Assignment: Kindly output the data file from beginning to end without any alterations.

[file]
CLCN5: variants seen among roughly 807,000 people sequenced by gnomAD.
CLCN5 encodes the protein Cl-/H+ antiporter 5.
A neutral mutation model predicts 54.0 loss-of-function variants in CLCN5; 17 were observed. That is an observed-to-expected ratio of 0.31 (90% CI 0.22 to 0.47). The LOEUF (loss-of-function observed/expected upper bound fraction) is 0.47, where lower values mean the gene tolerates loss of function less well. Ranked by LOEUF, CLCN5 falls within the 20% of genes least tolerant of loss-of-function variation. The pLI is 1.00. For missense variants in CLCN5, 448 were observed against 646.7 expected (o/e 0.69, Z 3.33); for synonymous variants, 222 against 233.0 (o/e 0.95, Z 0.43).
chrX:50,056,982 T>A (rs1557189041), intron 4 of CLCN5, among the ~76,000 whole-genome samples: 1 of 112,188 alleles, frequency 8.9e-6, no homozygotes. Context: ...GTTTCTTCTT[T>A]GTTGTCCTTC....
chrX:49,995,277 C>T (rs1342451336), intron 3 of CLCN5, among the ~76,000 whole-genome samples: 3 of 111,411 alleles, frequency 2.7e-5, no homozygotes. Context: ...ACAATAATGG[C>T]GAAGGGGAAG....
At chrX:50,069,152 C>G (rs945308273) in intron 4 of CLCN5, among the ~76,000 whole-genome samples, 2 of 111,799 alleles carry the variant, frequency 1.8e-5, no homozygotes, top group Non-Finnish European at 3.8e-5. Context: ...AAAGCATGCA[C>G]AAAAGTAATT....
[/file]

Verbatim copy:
CLCN5: variants seen among roughly 807,000 people sequenced by gnomAD.
CLCN5 encodes the protein Cl-/H+ antiporter 5.
A neutral mutation model predicts 54.0 loss-of-function variants in CLCN5; 17 were observed. That is an observed-to-expected ratio of 0.31 (90% CI 0.22 to 0.47). The LOEUF (loss-of-function observed/expected upper bound fraction) is 0.47, where lower values mean the gene tolerates loss of function less well. Ranked by LOEUF, CLCN5 falls within the 20% of genes least tolerant of loss-of-function variation. The pLI is 1.00. For missense variants in CLCN5, 448 were observed against 646.7 expected (o/e 0.69, Z 3.33); for synonymous variants, 222 against 233.0 (o/e 0.95, Z 0.43).
chrX:50,056,982 T>A (rs1557189041), intron 4 of CLCN5, among the ~76,000 whole-genome samples: 1 of 112,188 alleles, frequency 8.9e-6, no homozygotes. Context: ...GTTTCTTCTT[T>A]GTTGTCCTTC....
chrX:49,995,277 C>T (rs1342451336), intron 3 of CLCN5, among the ~76,000 whole-genome samples: 3 of 111,411 alleles, frequency 2.7e-5, no homozygotes. Context: ...ACAATAATGG[C>T]GAAGGGGAAG....
At chrX:50,069,152 C>G (rs945308273) in intron 4 of CLCN5, among the ~76,000 whole-genome samples, 2 of 111,799 alleles carry the variant, frequency 1.8e-5, no homozygotes, top group Non-Finnish European at 3.8e-5. Context: ...AAAGCATGCA[C>G]AAAAGTAATT....